How to evaluate and manage executive response to crises and controversial events
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Mayo Clinic, a destination medical center with 68,000 employees and patients from all 50 states and 150 countries, is connected to many of the socially significant events that occur around the world. Whether it is a tragedy such as a mass shooting, the death of a pop icon like Prince or a movement like Black Lives Matter, understanding how to communicate during times of social unrest can be a challenge. To assist with quick decision-making, Mayo Clinic developed an issues response tool that helps objectively evaluate an event to lend insight into the appropriate level of response. Mayo Clinic’s Annie Burt will share the events leading up to creation of the tool and examples of how it is used to create genuine and effective leadership messaging that’s timely and reflective of the organization’s culture, purpose and priorities.
- Identify all of the potential strategic factors that inform an organization’s response to an external social event, including impact on employees, customers, benefactors and partners
- Establish the appropriate level of response to an external social issue using fact-based decision-making, reducing the need to respond based on emotions and limiting the potential for an “arms race” of supportive messaging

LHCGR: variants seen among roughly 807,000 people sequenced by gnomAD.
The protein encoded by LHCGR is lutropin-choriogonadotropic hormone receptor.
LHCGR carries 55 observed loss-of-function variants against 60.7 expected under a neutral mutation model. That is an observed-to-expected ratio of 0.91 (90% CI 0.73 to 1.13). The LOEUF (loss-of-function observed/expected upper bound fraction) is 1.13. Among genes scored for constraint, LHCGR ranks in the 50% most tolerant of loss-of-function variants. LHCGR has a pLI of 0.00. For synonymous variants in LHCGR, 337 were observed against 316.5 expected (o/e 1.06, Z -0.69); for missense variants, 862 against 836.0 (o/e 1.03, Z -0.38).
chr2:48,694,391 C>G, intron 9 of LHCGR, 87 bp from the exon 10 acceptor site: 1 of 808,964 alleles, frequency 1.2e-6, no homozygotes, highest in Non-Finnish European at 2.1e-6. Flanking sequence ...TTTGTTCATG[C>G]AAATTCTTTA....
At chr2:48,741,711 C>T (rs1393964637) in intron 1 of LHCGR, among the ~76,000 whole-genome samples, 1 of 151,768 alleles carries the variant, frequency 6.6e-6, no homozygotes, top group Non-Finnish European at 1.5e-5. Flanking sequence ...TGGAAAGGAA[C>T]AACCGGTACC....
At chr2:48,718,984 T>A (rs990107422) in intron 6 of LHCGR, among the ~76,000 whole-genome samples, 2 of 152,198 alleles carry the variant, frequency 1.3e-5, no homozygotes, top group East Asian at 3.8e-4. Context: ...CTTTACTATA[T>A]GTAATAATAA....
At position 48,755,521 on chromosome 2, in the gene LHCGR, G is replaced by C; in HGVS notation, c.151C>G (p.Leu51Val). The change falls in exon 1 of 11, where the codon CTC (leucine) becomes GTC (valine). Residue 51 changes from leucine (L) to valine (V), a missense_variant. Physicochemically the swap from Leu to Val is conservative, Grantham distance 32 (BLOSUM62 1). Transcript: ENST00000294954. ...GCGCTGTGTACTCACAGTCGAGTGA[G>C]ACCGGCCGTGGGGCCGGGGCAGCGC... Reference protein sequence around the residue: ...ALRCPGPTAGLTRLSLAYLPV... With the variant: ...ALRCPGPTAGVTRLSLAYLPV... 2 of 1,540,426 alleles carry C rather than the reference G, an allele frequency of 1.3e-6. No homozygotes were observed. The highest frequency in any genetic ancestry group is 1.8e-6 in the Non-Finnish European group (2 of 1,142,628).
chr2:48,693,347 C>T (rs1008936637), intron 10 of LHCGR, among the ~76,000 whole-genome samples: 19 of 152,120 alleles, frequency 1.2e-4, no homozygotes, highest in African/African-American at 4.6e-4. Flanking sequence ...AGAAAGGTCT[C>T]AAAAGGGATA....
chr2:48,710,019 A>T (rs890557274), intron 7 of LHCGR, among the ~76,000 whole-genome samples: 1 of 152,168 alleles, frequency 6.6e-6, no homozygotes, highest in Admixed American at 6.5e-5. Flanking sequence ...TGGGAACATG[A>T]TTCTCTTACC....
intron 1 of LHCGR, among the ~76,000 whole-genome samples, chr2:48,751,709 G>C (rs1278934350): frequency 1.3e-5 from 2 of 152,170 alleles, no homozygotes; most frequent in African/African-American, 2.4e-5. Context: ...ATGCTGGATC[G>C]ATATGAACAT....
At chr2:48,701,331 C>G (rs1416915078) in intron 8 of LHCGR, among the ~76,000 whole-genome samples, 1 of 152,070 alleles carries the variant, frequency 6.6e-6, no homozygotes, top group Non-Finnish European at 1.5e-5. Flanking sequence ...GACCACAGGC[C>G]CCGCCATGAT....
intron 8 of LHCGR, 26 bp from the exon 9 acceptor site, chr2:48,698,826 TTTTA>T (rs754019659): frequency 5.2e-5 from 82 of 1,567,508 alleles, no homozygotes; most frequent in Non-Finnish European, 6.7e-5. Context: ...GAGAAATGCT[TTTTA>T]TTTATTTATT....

- Understand the range of responses that may be appropriate when faced with an external social issue—for both internal and external audiences
- Identify ways to responsibly and authentically respond to an issue without diluting your executive’s voice or creating “white noise”
- Evaluate and create responses that best speak to your primary audiences in an emotionally charged situation
Annie Burt is director of staff engagement communications at Mayo Clinic. She leads a team that creates internal communications strategy for the organization and its 68,000 employees. For more than a decade, Burt has provided leadership and project management support for many of Mayo’s strategic communication efforts, including the integration of internal news delivery across multiple locations, engagement of Mayo’s staff with its leaders and public trustees and the creation of an internal communications metrics program. She has a special affinity for executive communications and employee advocacy. Prior to her career at Mayo Clinic, Burt worked for such nonprofit organizations as Habitat for Humanity and the March of Dimes.